August 13, 2005

Mental exercises.

An Instapost this morning:
THE WORLD MEMORY CHAMPIONSHIP COMPETITION is going on now at Oxford University. The current champion is Ben Pridmore, 28, who can memorize a pack of cards in 32.13 seconds. I wonder if the people who actually have the best memories use their super power to do things like memorizing packs of cards. Shouldn't they want to fill their heads with things that will be beautiful or useful to think about – volumes of great literature or the complete tax code and regulations, perhaps? But no. Competition is intrinsically rewarding. My question is like asking the fastest runner why he competes in the Olympics instead of running around looking at the trees and flowers or traveling back and forth to work.
I'll bet you think that people like Pridmore must be lacking in other mental qualities, like that fellow in "The Mind of a Mnemonist." Most relatively smart people want to be even smarter but are still not all that concerned about not having an extremely strong memory. Yet having a great memory would be awfully useful!

What would you memorize if you had a superpower for memorizing?

Would you perform memorizing stunts for the public's entertainment? Would you enter some line of business (or form of gambling) where memorizing something would give you a great edge? Would you pursue memorizing as matter of pure pleasure or enlightenment?

If you could choose a great mental power – not a supernatural power, but just get into the top 0.0001% of human abillity – would you chose memory? If not, what power would you prefer and would you be worried that extreme memory powers would degrade some other aspect of life?


L. Ron Halfelven said...

I could have sworn they told me it was next week. Darn! I would have won, too. Time to call whatsherface at the travel agency and find out if my ticket to Cambridge is refundable.

Menlo Bob said...

For some reason I cannot remember the cell phone numbers of my wife, son or daughter and I'm unable to decern the difference between the names Josh and Jake.

Joseph White said...

I think I'd prefer to have the superability to make connections, i.e., intuition, which would be more useful in my opinion than just pure memory.

Big Hal said...

I would memorize The Oxford Book of English Verse which covers the thirteenth through the end of the twentyth centuries. I've alwasy admired folks who can spout an appropriate chunk of poetry at the drop of a hat.

Amongst my co-workers and friends I have what is regarded as a somewhat frightening memory, I can repeat conversations verbatim days and weeks after the fact and remember complex software commands and strings of IP addresses that they have to look up. The only problem is that my memory is so good that I tend not to take notes, so if I do forget or misremember something it can have serious consequences.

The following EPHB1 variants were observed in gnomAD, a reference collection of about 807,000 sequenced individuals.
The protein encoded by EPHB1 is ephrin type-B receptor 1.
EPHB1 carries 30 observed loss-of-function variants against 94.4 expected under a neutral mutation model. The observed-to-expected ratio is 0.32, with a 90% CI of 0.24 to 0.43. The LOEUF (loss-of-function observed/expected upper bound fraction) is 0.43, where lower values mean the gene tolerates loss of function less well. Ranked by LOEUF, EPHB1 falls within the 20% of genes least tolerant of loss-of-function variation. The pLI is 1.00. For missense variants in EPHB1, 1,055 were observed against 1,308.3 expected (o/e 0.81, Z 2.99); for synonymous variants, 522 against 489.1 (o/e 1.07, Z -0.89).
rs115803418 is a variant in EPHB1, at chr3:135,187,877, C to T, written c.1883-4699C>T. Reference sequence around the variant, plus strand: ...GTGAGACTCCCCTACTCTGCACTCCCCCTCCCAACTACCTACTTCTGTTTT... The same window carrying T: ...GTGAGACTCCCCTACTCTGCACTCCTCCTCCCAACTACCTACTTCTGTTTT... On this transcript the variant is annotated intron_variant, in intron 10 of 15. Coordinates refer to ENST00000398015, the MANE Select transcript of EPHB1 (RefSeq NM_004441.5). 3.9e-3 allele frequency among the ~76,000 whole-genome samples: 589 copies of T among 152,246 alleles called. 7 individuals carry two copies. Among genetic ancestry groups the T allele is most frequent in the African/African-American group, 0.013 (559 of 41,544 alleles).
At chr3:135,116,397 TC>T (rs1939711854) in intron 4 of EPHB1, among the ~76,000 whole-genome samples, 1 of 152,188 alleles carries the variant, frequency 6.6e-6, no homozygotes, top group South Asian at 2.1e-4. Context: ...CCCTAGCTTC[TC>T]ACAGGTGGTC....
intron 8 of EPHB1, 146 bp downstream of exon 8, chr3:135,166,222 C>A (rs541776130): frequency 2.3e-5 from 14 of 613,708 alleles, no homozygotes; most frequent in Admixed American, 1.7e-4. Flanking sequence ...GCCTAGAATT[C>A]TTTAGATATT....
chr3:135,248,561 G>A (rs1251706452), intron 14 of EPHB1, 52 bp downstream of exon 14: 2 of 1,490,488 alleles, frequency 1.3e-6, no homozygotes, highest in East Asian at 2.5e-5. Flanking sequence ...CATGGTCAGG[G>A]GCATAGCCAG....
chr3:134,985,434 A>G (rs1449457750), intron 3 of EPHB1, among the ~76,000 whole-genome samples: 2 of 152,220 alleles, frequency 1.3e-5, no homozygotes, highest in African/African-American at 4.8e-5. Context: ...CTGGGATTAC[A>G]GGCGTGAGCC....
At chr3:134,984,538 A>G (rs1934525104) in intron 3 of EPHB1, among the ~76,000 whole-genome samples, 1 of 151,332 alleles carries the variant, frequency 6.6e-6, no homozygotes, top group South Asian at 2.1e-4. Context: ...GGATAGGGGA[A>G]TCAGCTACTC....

Big Hal said...

Oh and maybe a dictionary or two so I could actually spell.

Drethelin said...

Memory I think could be quite useful in the right situations, but right now I would far prefer to have the ability to intuitively understand how other people feel, especially about me.

Dick said...

My gosh, what gives here? This is Saturday, tomorrow is a day of rest and you have just given me a month of Sundays of Cogitation.

Jim Lindgren said...

When David Steinberg started in stand-up, he did a bit about God offering a biblical figure (Solomon?) one wish.

Solomon thought for a while and told God he wanted all knowledge.

God then granted Solomon's wish and gave Solomon ALL KNOWLEDGE.

Immediately, Solomon knew he should have asked for money.


You ask about 1 in a million intellectual talents. I'm not sure about that, but if you increased it to one in a hundred million, then, offhand, the intellectual talent I'd want would be the ability to write so well and so fluently that I could, any time I desired, write intelligent, extraordinarily successful best-selling fiction.

That would give me the time and money to pursue my more academic interests, as well as the skill to convey my scholarship more effectively.

Earth Girl said...
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Earth Girl said...

Big Hal gave my answer to your first question. My grandmother and her siblings would quote poetry at length and I remember sitting at their feet entranced.

This is probably not intellectual talent, but, like Solomon, I would want wisdom - more than memory (data) or knowledge (more data). I suffered through corporate hell when they decided to pursue "knowledge management." Working in a creative department, I could track the process through the fact gathering stage, then there was magic, and the process proceeded through production. It drove the KM guys crazy because they could not reproduce the magic part of the process.

Ann Althouse said...

Jim: I should have put in more zeroes! Yes, a talent for storytelling, for creating new things, would be much better than the ability to remember things that already exist (and that ordinary people can just write down). It would be fun and financially and socially rewarding.

Joshua said...

Memory. Definitely memory. Then you could really see what open-source intelligence could accomplish!